Maude Barlow named 1st UN water adviser

Canadian activist Maude Barlow has been appointed as the United Nation's first senior adviser on water issues, a role she hopes to use to establish water as a human right and to convince Canada to "change its shameful position" on the issue.

Canadian activist Maude Barlow has been appointed as the United Nation's first senior adviser on water issues, a role she hopes to use to establish water as a human right and to convince Canada to "change its shameful position" on the issue.

Barlow, chair of the citizens' advocacy group Council of Canadians, will work with the current president of the UN General Assembly, Miguel d'Escoto Brockmann.

"This is a wonderful opportunity to advance a more democratic and transparent method of policy making around water at the global level than now exists," Barlow said in a press release. "Water is a commons, a public trust and a human right."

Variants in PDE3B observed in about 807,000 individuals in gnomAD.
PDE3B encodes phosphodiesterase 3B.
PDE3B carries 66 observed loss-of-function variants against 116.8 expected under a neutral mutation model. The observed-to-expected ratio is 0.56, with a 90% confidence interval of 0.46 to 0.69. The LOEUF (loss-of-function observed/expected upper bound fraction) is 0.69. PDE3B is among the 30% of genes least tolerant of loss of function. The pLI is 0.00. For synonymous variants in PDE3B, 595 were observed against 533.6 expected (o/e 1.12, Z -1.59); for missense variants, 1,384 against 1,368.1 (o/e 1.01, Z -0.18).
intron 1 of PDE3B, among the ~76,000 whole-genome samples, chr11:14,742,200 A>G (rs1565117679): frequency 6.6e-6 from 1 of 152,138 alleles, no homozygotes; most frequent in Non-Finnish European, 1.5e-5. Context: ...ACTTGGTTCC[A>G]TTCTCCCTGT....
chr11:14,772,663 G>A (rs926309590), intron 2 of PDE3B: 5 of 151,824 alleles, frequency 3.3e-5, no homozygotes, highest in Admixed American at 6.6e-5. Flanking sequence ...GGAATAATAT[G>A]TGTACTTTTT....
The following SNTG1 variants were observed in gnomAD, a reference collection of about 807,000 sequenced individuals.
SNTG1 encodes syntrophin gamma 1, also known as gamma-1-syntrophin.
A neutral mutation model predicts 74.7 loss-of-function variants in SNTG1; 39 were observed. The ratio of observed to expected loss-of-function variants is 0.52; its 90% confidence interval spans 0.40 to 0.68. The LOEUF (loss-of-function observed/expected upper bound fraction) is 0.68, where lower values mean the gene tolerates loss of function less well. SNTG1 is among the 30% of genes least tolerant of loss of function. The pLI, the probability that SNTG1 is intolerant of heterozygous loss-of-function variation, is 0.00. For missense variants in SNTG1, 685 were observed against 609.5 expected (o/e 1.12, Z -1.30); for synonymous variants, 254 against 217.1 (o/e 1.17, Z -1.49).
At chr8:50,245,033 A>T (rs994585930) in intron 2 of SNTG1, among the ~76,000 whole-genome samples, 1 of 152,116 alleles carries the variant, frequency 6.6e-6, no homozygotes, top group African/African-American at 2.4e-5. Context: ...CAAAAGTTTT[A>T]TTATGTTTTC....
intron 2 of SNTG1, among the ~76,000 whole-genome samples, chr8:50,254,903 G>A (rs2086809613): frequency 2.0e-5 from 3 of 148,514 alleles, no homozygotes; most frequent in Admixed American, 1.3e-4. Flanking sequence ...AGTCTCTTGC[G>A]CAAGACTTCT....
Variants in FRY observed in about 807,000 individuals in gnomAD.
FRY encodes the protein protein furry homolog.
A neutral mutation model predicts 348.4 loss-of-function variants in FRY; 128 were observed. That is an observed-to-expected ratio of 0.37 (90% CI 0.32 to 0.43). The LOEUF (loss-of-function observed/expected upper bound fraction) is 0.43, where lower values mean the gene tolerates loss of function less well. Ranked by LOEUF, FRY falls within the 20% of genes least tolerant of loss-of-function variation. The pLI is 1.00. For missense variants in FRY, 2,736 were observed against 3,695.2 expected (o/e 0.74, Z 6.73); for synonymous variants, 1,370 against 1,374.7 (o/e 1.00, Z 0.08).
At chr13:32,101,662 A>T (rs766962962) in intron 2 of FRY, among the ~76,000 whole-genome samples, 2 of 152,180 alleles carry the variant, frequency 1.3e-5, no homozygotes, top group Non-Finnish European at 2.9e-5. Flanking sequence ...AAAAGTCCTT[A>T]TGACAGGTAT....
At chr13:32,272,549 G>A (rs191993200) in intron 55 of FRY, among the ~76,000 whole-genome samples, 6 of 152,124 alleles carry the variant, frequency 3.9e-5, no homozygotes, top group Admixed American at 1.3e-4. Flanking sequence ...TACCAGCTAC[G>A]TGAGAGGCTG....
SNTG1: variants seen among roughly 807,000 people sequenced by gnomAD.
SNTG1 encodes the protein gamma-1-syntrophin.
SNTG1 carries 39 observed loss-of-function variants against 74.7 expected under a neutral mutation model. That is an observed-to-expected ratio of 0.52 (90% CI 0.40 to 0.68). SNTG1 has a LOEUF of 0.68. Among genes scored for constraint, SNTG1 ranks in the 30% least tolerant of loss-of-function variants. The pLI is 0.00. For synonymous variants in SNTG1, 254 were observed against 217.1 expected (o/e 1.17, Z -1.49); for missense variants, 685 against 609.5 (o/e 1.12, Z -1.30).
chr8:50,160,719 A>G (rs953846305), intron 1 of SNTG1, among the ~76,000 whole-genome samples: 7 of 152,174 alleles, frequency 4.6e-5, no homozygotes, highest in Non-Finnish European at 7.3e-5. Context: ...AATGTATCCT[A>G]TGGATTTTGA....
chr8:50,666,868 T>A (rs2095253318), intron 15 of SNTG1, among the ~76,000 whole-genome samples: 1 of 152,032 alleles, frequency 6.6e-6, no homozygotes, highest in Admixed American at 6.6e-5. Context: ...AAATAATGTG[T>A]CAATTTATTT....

Barlow said there's "growing momentum" in the international community for water justice but will focus some of her attention on her home country.

"I also plan to take this opportunity to get the Canadian government to change its shameful position, and to finally join the international community in recognizing water as a human right," said Barlow.

D’Escoto extolled on Barlow’s ability to "combine humanitarian vision with a practical approach to problem solving" and has expressed support for her crusade, calling water a "human right as basic as the air we breathe."

Barlow holds six honorary doctorates and has written or co-written 16 books. She is also co-founder of the Blue Planet Project, a group that works to protect fresh water from trade and privatization around the world.

The United Nations estimates 42,000 people die every week from diseases related to bad water and poor sanitation.

With files from the Canadian Press